Lyndon Barrois Jr.: Of Color

Lyndon Barrois Jr.: Of Color

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Lyndon Barrois Jr.: Of Color, installation view, Contemporary Art Museum St. Louis, May 6–August 21, 2016. Photo: David Johnson.

Lyndon Barrois Jr.: Of Color, installation view, Contemporary Art Museum St. Louis, May 6–August 21, 2016. Photo: David Johnson.

Lyndon Barrois Jr.: Of Color, installation view, Contemporary Art Museum St. Louis, May 6–August 21, 2016. Photo: David Johnson.

Lyndon Barrois Jr.: Of Color, installation view, Contemporary Art Museum St. Louis, May 6–August 21, 2016. Photo: David Johnson.Lyndon Barrois Jr.: Of Color, installation view, Contemporary Art Museum St. Louis, May 6–August 21, 2016. Photo: David Johnson.Lyndon Barrois Jr.: Of Color, installation view, Contemporary Art Museum St. Louis, May 6–August 21, 2016. Photo: David Johnson.

Through a multi-disciplinary practice including installation, painting, and sculpture, Lyndon Barrois Jr. examines questions of aesthetic value, race and representation, and the creation of meaning through imagery in popular culture. Part of the 2016 Great Rivers Biennial, the installation Of Color situates eight life-size assemblages onto an asphalt basketball court, re-creating an outdoor setting within the gallery space. Both abstract and anthropomorphic, each mixed-media sculpture combines cropped images of athletes and fashion models with pictures of domestic objects culled from lifestyle and sports magazines. The images are transformed into rigid free-standing props and positioned onto boxes of printer toner. Visually recalling players in the midst of a scrimmage game, Barrois Jr.’s sculptures are separated into two teams, one printed in color, the other in grayscale. While seemingly divided into opposing chromatic groups, all of the players are unified by the halftone dots that make up their original source material.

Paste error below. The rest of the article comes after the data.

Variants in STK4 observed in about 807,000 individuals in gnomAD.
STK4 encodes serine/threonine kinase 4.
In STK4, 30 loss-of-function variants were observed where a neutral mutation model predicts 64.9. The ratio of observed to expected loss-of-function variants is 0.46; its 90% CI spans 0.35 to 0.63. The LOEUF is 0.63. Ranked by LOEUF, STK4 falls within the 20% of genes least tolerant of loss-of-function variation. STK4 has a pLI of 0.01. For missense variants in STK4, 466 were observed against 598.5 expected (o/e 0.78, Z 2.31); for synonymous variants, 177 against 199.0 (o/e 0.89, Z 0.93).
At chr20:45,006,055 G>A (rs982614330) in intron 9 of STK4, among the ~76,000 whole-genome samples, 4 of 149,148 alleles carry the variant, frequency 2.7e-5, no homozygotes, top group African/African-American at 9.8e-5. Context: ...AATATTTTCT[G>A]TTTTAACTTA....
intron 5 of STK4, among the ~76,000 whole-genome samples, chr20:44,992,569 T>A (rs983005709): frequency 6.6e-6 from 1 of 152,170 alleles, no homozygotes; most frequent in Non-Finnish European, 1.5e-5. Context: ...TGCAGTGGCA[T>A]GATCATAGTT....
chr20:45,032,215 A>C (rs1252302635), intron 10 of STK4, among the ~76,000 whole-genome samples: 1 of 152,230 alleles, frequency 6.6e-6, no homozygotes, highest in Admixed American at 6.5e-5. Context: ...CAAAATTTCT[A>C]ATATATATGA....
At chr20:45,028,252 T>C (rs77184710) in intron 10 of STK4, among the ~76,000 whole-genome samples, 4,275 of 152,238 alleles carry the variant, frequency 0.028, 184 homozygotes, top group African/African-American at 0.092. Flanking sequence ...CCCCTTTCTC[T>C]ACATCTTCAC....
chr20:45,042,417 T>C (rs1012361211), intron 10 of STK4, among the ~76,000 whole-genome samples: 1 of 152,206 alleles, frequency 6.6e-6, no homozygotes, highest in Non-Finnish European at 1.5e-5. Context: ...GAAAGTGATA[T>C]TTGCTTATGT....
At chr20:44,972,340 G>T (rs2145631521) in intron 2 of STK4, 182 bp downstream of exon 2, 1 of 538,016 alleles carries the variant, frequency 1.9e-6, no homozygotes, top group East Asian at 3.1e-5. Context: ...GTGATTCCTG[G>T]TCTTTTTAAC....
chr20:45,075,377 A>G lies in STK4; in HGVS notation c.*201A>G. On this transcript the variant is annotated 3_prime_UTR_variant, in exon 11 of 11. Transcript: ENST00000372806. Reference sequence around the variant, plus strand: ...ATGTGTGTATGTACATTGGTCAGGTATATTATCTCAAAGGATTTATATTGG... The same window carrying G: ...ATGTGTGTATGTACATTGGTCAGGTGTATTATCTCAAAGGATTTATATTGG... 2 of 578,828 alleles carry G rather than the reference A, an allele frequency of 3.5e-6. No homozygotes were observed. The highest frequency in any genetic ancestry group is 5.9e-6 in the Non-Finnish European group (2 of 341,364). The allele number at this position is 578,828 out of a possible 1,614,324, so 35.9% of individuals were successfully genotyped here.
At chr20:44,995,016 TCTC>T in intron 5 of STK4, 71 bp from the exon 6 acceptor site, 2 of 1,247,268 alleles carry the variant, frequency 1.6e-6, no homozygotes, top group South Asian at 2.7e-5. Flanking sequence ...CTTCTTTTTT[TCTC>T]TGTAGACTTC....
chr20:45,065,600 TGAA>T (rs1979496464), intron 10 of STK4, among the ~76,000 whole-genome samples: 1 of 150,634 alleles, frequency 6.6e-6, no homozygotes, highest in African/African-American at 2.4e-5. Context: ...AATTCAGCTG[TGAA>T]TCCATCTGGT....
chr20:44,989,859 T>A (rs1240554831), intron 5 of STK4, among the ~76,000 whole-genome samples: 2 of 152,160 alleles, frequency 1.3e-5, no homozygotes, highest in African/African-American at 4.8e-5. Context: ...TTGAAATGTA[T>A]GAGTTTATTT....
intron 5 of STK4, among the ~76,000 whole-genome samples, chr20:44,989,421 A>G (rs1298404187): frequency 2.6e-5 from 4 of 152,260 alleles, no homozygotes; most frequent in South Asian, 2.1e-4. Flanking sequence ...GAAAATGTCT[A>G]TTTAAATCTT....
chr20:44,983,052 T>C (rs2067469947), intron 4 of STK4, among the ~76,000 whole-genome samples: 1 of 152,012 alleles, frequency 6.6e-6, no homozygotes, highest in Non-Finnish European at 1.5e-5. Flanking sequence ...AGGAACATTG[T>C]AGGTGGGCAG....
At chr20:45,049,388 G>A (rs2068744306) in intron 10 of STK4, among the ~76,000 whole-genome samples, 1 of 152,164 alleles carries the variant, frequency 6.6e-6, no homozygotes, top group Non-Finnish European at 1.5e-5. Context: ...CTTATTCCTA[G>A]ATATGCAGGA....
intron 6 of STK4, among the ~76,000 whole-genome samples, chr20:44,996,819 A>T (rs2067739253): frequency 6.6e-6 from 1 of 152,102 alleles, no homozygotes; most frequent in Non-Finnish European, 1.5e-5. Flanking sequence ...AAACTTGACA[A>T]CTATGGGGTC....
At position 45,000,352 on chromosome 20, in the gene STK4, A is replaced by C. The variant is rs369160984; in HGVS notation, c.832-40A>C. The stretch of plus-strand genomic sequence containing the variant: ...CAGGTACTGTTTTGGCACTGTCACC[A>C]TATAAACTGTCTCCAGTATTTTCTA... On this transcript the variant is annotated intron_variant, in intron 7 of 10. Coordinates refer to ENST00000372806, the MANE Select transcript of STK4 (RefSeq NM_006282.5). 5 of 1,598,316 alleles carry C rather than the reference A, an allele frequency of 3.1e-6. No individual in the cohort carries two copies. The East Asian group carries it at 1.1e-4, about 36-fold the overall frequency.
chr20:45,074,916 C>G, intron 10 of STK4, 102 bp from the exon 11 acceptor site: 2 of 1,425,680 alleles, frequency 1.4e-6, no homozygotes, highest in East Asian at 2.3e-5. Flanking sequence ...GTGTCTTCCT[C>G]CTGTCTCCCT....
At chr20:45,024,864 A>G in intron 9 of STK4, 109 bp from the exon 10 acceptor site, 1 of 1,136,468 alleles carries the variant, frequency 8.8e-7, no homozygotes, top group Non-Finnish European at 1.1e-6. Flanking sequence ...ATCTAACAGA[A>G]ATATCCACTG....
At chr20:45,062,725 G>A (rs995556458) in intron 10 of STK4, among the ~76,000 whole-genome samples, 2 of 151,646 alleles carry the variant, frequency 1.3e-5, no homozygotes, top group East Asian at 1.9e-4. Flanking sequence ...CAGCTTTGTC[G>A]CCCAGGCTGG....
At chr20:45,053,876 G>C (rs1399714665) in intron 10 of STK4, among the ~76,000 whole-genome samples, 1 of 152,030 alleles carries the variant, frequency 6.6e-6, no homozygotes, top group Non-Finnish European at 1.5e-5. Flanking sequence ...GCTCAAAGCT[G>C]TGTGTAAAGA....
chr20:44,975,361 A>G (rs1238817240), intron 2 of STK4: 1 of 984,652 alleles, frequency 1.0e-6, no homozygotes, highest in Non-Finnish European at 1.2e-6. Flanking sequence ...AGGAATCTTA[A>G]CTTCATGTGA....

The individual works—as well as Barrois Jr.’s repositioning of an outdoor basketball court inside the protected space of a museum—ask viewers to consider how people, cultures, and lifestyles typically sited on the periphery can gain visibility in a new context. Drawing parallels between athletic movements and sculptural forms, Barrois Jr. connects ideas of sport and spectacle while raising issues of objectification.

Lyndon Barrois Jr. (b. 1983, New Orleans) lives and works in St. Louis. Recent solo exhibitions include For the Benefit of Man, Garwood Gallery, Western Illinois University, Macomb (2015), and Float, Fort Gondo Compound for the Arts, St. Louis (2014). Group exhibitions include You are Looking Good, A Real Good Looker, Chicago Artist Coalition, Chicago (2016), and A Donkey is a Lion. Insecticide, A Message from God, Blackburn 20/20 Gallery, New York (2015). Barrois Jr. received his MFA from the Sam Fox School of Design & Visual Art at Washington University in St. Louis.

This exhibition is made possible by the Gateway Foundation.

The 2016 Great Rivers Biennial is organized for the Contemporary Art Museum St. Louis by Jeffrey Uslip, Deputy Director for Exhibitions and Programs / Chief Curator.